The unique music is the real strength here, as it works together with the set design to feel like something right out of an art magazine. It’s so well done that they were able to use an older actress to illustrate the skin benefits of the product as if to say that this product is for all people with skin (so, all people). 

    • Basecamp

    This video isn’t the most exciting one out there, but it really does a great job explaining how to use the product. This onboarding video for Basecamp 3 uses screencasting to illustrate how a hypothetical team might use the software. 

    By showing real-world examples, the video makes the features practical and valuable to a team that might be using it. Note also the way the screencast zooms in on important moments to create engaging movement and zooms back out to reorient the viewer. 

    • Adidas Careers

    In this video, Adidas took some of their actual employees and interviewed them about how they felt working for the company. These real people also take part in the action shots to ground the idea of a motivated team in reality. 

    It illustrates the company’s mission overall (making sportswear) and likens it to an athletic and energizing feeling of working at the company. Everything in this video is totally in sync, making for an inspiring final product. 

    • Dissolve

    Sometimes startup videos can benefit from being a little “meta.” Dissolve is a company that sells stock footage. They decided to present their brand acquisition video as a “generic” one made entirely of stock footage (from their catalog of courses). 

    It treats a lot of the familiar tropes of video advertising with an all-too-accurate and hilarious commentary on stock footage itself. The effect is hard to describe but surely memorable if you were ever in need of their services.

    • Sheba

    Combining many of the goals of a startup video, a crowdfunding video requires a special touch. These final two projects were ones we selected for their ability to elicit a response from the viewer in various ways. This first example is from Shebah, which helps women and children have a safe ride-sharing experience. 

    To promote their next growth stage, the company combined live-action and some screencasting to show the product in action and the people who might use it. 

    This company also has a moral mission. The interviews conducted throughout the entire piece show off the team behind the project and the ethical implications of growing the product through financial support.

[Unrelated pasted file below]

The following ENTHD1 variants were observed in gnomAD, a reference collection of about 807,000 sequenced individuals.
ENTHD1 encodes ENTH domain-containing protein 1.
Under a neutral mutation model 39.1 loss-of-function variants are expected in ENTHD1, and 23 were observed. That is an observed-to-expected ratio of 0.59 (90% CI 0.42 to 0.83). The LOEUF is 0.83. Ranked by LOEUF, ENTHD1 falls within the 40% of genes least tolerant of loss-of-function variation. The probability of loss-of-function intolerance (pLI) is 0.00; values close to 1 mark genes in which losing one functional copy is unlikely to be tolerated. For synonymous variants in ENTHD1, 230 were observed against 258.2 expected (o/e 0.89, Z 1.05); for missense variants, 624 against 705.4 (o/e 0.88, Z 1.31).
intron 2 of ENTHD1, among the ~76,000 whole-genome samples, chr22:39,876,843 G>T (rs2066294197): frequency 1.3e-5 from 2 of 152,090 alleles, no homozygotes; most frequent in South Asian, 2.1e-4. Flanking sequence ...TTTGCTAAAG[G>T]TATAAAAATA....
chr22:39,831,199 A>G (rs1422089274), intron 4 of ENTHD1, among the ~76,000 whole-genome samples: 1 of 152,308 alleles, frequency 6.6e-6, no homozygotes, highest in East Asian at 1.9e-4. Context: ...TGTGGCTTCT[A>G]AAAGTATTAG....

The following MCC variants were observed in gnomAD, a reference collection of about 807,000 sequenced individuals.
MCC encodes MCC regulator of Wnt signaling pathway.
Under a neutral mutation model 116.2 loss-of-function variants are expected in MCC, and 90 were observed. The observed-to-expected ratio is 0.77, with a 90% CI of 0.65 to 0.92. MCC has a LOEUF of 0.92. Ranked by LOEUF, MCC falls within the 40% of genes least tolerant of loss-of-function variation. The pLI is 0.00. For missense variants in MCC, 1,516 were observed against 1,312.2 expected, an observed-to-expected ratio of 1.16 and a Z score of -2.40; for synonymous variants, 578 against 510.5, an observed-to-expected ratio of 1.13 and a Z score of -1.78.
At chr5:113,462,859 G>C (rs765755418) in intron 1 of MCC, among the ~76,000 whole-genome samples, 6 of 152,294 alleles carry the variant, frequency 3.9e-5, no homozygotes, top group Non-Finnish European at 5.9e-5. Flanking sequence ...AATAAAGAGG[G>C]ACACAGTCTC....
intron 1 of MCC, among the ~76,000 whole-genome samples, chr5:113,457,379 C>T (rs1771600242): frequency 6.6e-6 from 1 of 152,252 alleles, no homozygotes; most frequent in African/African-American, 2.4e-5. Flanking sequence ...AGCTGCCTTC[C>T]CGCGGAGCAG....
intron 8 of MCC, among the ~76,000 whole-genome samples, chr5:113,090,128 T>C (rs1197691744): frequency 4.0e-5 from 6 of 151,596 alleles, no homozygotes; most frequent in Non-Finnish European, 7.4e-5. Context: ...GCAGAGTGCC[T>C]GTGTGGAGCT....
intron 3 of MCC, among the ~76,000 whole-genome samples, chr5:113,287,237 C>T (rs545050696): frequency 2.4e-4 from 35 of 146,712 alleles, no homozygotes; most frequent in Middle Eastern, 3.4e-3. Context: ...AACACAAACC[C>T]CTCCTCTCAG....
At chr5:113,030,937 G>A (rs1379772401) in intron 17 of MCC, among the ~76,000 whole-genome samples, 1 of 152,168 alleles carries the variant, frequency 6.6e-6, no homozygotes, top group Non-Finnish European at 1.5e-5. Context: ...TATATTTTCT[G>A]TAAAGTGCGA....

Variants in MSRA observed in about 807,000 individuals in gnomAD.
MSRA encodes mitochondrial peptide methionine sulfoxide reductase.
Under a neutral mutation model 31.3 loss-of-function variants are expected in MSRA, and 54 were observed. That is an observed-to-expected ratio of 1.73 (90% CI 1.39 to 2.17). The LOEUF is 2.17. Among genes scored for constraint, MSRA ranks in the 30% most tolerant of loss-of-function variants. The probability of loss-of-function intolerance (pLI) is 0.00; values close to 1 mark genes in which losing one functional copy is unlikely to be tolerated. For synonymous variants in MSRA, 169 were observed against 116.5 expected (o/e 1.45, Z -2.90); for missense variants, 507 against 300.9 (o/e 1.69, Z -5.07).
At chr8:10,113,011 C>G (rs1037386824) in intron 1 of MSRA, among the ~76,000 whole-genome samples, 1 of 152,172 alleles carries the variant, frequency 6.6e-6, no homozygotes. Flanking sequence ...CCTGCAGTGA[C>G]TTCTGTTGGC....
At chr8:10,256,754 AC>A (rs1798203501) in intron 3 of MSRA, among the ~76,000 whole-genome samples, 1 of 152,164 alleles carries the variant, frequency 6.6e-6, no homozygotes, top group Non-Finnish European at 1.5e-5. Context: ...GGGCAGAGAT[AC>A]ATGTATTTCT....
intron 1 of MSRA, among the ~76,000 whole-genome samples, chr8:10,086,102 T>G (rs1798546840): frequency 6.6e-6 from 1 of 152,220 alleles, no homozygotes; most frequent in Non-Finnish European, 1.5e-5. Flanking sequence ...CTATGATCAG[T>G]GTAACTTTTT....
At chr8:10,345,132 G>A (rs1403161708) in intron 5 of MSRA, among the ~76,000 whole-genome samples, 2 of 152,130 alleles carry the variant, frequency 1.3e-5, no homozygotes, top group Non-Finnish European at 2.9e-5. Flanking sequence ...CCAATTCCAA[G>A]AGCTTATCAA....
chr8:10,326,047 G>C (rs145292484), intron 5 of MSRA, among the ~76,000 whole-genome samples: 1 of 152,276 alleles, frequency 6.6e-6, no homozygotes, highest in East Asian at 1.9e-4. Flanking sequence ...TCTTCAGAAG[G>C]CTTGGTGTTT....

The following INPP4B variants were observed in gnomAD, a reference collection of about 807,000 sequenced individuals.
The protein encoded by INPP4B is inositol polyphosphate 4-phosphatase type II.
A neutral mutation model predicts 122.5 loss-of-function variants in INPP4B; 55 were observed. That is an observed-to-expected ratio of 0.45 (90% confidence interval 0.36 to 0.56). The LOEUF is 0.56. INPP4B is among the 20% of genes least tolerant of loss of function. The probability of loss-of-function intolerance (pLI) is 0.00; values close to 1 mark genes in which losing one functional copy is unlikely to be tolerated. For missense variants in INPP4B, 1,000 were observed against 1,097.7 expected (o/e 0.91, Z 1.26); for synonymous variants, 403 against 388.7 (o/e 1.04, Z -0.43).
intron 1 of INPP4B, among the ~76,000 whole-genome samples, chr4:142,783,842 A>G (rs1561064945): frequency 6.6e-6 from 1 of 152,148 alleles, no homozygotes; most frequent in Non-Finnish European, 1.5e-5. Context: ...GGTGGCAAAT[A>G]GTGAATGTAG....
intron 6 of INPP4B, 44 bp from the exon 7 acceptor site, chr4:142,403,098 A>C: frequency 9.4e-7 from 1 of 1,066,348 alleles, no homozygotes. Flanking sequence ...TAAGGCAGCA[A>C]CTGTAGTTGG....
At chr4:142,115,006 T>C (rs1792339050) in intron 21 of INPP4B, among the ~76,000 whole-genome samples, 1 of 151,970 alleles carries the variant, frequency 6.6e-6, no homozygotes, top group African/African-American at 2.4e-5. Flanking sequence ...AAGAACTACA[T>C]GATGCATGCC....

• Olly

     

    Another great example of crowdfunding is Olly, an emotionally intelligent robot created by Emotech. This video also functions with scenarios and interviews but in 2 distinct parts. 

    First, the product is presented like an acquisition video or explainer. Olly is shown in the ideal settings where it learns its owner and responds to their emotional needs through AI learning. In this first part, we see what it would be like for Emotech’s vision to be realized in our homes. 

    In the second part, we unveil the team behind the project and the exciting research being done in robotics and machine learning. The call to raise funds is then associated with real faces and voices for an inspiring effect. 

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    7 best practices to ensure quality startup video production

    Making your startup video requires a lot more planning and attention to detail than some other video projects. Here are seven practices you can implement to create the best startup videos and ensure a seamless video production process.

    • Leverage storytelling

    All of the best startup videos from this list had one thing in common: a great approach to storytelling. Especially for acquisition and brand culture, storytelling and narrative elements make your videos memorable to your audience. 

    You can accomplish this with some literal narration in voiceover, but most of your storytelling needs to be visual and auditory. You don’t have much time to narrate a three-act plot in a short production. The best stories of this kind will be absorbed almost unconsciously. Stick to easily-digestible and impactful emotional experiences. 

    • Make it fun and keep it short

    Fun videos always make a solid impression on the audience. Your unique approach to keeping your video fun will also make your video exciting and different from the average hodgepodge on the internet. 

    Also, long videos will always bore your viewers out of the video. You want to keep it short and make sure to watch it to finish. Generally, you should strive to keep your video between 30 seconds and 3 minutes long, 5 minutes at most. Videos over that length range tend to be too long for their purpose. 

    Now that doesn’t mean shoving a 10-minute presentation into a 3- or 5-minute clip. The depth of the content should fit the length of the video. If you have more than one topic you’d like to cover for your product, it’s best to make a short series of videos for each idea.

    • Make it stand out from the crowd